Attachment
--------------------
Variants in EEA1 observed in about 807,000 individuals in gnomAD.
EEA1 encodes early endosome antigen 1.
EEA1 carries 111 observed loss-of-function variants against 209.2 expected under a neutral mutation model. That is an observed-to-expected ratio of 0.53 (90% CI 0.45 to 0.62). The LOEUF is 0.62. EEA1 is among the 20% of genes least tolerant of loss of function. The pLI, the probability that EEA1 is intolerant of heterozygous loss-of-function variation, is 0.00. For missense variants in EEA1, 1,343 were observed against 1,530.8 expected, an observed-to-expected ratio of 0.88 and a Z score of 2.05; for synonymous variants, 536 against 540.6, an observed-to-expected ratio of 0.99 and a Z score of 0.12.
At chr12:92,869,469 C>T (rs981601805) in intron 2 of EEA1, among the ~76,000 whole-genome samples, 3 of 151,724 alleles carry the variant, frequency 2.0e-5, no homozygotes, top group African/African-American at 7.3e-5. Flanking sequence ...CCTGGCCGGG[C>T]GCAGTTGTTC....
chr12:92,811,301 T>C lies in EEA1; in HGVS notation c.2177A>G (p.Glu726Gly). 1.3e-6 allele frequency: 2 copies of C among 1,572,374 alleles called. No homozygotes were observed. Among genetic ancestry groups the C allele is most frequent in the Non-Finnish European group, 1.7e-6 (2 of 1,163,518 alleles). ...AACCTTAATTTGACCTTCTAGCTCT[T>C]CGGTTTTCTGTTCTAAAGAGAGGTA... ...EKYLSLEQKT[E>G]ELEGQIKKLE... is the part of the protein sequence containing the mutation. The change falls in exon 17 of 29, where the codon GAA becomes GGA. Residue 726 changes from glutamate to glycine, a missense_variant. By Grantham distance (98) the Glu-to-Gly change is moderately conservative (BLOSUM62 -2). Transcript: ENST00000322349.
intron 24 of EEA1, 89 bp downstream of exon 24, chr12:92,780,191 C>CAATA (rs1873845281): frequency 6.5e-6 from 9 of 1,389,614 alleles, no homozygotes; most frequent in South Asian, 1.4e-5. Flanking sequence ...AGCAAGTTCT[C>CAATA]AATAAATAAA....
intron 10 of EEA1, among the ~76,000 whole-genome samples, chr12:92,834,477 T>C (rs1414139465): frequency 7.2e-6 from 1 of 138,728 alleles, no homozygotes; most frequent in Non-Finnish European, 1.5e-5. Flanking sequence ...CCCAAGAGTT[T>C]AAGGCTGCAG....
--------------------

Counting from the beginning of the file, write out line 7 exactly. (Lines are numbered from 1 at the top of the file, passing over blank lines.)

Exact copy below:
intron 10 of EEA1, among the ~76,000 whole-genome samples, chr12:92,834,477 T>C (rs1414139465): frequency 7.2e-6 from 1 of 138,728 alleles, no homozygotes; most frequent in Non-Finnish European, 1.5e-5. Flanking sequence ...CCCAAGAGTT[T>C]AAGGCTGCAG....